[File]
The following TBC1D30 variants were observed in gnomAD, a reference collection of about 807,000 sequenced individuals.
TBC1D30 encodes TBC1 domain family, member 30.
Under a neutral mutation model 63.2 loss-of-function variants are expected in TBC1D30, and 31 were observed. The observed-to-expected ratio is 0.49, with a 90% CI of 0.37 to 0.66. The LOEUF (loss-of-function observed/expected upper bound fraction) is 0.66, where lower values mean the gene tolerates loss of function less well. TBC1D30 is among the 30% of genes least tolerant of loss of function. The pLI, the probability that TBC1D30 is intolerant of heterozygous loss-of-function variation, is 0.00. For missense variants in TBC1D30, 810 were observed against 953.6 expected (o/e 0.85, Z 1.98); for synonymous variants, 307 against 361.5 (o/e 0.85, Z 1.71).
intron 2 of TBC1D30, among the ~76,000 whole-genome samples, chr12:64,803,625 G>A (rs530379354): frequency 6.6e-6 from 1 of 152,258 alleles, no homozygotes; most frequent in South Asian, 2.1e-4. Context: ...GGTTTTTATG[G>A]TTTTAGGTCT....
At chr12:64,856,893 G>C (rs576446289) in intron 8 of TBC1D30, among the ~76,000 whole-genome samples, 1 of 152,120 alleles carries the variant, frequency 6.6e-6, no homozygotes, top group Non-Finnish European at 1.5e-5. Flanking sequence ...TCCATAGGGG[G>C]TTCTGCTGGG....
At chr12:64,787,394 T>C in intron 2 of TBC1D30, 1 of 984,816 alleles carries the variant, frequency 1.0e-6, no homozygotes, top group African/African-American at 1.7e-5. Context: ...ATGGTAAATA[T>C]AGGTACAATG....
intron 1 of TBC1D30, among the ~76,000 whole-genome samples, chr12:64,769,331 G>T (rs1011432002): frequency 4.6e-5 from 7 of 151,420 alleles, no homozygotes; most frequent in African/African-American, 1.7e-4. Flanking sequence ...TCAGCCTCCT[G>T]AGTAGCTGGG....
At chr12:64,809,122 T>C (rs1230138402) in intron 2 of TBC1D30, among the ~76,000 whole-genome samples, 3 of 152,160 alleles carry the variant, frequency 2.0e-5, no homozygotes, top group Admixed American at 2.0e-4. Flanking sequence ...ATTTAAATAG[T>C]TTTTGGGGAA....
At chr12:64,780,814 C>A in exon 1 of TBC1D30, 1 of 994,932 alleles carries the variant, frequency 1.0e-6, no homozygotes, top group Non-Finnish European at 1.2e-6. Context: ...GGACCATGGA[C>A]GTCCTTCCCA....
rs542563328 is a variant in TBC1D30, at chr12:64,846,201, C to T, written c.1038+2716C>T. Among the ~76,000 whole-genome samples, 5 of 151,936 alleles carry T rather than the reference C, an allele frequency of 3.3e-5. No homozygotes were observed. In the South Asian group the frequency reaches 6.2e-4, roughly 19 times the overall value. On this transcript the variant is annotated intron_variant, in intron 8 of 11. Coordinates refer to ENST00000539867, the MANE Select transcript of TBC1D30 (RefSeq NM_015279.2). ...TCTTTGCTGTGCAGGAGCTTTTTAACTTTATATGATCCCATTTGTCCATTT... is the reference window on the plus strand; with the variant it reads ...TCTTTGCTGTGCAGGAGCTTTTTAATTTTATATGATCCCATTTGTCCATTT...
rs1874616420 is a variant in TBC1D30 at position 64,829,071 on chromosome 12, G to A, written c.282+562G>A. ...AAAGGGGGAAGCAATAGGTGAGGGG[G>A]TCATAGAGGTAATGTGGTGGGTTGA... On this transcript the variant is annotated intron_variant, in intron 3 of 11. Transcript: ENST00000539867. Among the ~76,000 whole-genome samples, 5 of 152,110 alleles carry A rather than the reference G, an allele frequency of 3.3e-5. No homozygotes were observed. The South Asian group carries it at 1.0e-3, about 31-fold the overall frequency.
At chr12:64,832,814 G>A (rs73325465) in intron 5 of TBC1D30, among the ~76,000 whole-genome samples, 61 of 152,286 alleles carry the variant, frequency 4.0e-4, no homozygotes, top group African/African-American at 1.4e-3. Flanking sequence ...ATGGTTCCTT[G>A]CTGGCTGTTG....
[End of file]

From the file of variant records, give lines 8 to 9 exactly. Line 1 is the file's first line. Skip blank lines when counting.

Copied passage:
At chr12:64,809,122 T>C (rs1230138402) in intron 2 of TBC1D30, among the ~76,000 whole-genome samples, 3 of 152,160 alleles carry the variant, frequency 2.0e-5, no homozygotes, top group Admixed American at 2.0e-4. Flanking sequence ...ATTTAAATAG[T>C]TTTTGGGGAA....
At chr12:64,780,814 C>A in exon 1 of TBC1D30, 1 of 994,932 alleles carries the variant, frequency 1.0e-6, no homozygotes, top group Non-Finnish European at 1.2e-6. Context: ...GGACCATGGA[C>A]GTCCTTCCCA....